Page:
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 Weber Authors Legislation and Co-Authors Letter in Response to Energy Crisis in San Diego Schools

Assemblymember Shirley N. Weber (D-San Diego) has introduced legislation, AB 2120, that would allow county offices of education and community college districts to receive intervener compensation when participating in a proceeding before the California Public Utilities Commission (CPUC).

Currently when participating in negotiations with the CPUC, entities representing consumers or subscribers of any electrical, gas, telephone, or water corporation, also known as interveners, may be compensated for reasonable fees and costs of participation in a proceeding. However, school districts are not eligible to receive intervener compensation related to CPUC proceedings.

“Despite making investments in renewable and energy efficiency measures to lower energy usage, school districts throughout San Diego County suffered significant energy rate increases totaling over $30 million over the last year,” Weber said. “These schools need to keep the lights on without taking money out of the classroom, so they need to participate in rate proceedings at the CPUC. We also need to make sure that this participation – which can be extremely expensive – doesn’t set them even further back.” 

“Our students and schools must not unduly pay the price of high energy costs,” stated Senator Hueso. “During the 2014-15 school year, San Diego schools saw their electric bills go up an average of 39%. This has consumed funding meant to educate our students, not pay excessively high electric bills. I look forward to a productive hearing and hope that the utilities honor their commitment to work with schools to bring the costs down.”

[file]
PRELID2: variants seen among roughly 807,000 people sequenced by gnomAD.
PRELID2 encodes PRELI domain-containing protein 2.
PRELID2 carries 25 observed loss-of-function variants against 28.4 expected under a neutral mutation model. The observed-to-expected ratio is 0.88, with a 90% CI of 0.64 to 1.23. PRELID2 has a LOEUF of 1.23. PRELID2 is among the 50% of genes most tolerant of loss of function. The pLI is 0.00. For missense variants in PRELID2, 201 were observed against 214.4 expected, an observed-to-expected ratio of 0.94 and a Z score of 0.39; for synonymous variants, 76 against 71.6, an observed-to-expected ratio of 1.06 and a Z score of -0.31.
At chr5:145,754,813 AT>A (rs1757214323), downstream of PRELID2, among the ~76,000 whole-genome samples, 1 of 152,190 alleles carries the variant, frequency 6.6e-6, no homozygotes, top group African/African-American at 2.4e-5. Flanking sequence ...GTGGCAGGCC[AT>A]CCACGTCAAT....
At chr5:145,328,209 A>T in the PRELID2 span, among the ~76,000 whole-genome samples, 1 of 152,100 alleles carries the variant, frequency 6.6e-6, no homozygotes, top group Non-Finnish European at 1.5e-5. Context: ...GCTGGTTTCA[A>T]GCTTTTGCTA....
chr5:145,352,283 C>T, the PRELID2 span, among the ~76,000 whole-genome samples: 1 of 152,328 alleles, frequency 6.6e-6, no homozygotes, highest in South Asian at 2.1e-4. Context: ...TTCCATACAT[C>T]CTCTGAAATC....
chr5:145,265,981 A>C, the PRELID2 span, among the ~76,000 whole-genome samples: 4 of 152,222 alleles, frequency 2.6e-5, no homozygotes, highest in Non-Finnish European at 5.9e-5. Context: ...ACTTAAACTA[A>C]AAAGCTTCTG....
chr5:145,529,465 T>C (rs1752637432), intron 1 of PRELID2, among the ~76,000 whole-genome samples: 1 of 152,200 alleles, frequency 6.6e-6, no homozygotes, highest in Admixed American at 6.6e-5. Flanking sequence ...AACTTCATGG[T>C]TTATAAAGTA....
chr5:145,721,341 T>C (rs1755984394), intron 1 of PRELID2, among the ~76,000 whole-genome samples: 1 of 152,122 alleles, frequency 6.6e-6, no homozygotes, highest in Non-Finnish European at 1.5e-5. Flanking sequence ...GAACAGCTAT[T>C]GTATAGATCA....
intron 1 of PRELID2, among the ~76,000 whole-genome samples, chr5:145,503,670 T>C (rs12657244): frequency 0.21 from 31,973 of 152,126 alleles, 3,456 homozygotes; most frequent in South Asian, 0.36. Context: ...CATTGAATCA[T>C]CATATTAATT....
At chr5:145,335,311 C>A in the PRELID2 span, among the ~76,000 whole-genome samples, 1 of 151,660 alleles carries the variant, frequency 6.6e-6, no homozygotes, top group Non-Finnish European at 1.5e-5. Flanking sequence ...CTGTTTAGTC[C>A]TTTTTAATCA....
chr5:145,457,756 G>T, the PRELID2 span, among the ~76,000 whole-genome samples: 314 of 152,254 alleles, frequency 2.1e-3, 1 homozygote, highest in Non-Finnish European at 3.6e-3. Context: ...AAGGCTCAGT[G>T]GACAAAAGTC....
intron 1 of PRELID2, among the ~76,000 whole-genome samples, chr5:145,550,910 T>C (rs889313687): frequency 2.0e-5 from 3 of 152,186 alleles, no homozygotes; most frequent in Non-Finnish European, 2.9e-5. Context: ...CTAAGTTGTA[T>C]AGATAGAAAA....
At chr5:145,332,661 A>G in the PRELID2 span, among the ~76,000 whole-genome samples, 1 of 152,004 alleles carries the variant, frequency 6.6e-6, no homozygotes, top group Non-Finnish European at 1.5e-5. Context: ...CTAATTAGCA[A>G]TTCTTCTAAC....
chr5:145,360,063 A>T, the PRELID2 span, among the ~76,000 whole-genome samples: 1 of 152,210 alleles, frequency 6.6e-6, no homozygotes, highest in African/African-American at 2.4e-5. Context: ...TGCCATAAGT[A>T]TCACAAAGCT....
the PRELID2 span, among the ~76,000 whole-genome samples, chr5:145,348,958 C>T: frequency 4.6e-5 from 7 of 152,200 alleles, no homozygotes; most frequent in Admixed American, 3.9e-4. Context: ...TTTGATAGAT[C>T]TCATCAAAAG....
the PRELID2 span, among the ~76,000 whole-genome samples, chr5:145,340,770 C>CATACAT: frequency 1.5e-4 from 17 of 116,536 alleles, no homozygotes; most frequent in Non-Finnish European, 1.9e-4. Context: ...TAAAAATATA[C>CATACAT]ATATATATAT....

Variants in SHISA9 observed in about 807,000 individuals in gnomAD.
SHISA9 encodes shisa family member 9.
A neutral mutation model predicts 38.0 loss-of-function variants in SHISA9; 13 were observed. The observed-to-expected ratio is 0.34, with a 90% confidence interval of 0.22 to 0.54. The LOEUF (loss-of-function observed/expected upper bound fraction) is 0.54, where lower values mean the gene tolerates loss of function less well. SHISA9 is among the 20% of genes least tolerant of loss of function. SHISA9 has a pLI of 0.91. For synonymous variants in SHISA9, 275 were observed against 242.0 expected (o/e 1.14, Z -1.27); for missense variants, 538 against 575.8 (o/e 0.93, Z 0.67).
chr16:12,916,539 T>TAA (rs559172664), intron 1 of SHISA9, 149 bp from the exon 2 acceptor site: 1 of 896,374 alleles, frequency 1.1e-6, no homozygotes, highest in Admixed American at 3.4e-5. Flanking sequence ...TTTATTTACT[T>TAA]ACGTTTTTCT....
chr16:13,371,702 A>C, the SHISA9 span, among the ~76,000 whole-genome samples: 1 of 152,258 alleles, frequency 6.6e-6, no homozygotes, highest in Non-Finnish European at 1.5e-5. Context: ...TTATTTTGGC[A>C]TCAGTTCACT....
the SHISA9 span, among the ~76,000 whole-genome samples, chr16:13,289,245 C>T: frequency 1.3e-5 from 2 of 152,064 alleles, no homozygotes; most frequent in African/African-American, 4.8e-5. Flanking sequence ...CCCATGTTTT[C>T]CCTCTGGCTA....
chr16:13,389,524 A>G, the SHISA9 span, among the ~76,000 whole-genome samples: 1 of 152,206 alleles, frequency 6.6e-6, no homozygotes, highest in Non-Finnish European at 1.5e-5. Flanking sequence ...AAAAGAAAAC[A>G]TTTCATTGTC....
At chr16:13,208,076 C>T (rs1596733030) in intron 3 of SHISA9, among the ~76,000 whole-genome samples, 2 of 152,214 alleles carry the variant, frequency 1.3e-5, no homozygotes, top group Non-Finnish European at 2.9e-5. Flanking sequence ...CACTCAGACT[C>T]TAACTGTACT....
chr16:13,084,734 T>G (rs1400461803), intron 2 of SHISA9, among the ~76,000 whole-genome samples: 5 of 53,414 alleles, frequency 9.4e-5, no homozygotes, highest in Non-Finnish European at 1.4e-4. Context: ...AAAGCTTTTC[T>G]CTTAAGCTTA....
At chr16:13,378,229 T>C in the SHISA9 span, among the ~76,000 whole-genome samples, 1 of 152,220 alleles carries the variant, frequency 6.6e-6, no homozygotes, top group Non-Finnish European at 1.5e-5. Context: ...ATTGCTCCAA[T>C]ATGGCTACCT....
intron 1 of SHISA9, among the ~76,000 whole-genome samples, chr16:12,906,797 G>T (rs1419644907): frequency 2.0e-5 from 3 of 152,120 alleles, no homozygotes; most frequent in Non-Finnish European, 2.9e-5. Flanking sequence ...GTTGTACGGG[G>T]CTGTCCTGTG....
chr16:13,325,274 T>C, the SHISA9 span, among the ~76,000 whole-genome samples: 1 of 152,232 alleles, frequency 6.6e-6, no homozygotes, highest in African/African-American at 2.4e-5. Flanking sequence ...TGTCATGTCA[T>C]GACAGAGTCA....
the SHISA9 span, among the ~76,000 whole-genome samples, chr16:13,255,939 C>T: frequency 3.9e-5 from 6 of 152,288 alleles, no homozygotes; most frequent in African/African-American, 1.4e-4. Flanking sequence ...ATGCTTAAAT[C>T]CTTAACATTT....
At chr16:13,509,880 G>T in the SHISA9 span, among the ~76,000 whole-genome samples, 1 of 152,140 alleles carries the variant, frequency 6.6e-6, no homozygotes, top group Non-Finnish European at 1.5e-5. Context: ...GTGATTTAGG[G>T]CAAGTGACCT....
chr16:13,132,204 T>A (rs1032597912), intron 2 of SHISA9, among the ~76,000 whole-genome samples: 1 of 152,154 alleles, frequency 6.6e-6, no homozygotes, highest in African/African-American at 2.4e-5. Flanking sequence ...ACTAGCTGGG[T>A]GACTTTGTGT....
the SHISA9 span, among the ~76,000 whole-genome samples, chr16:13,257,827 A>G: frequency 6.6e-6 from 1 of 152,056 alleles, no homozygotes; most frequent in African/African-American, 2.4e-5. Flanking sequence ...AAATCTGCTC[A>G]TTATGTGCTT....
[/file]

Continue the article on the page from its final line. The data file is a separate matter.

“San Diego County public schools could have instead used that $30 million to hire 600 new teachers, buy 120,000 netbooks for students, or fill school libraries and classrooms with 1.5 million new books,” said County Superintendent of Schools Dr. Randy Ward. “Our schools – and our students – can’t afford to cannibalize instructional budgets to cover operational costs.”

Having the ability to receive compensation for the work that it takes to compile testimony, commission studies, coordinate the travel and time for advocates and witnesses, and other resources for a proceeding, makes participation much more realistic for a representative of a school. By allowing county offices of education to recoup costs through intervener compensation, monies can then be better used to fund vital programs.

“Public K-12 schools are limited by the budget given to them by the state. We need to make it as feasible as possible for schools to participate in these proceedings,” explained Assemblymember Weber.

Weber also co-authored a letter with several other Democratic members of the San Diego delegation, including Assembly Speaker Toni Atkins, Senator Ben Hueso and Assemblymember Lorena Gonzales.  The correspondence expresses their concern about skyrocketing energy costs in San Diego region schools, and encourages San Diego Gas and Electric to make good on public commitments to work to mitigate the jump in energy rates experienced by local school districts.

Weber said local educational districts are severely limited in their ability to absorb the rising energy costs.

“In short, the schools have the money we give them,” Weber said. “They can’t levy a tax, so the money spent on these huge energy bills will likely come from the classroom. Though the conversations being had are encouraging, it is important to make sure that an agreement is reached that works for San Diego schools.”​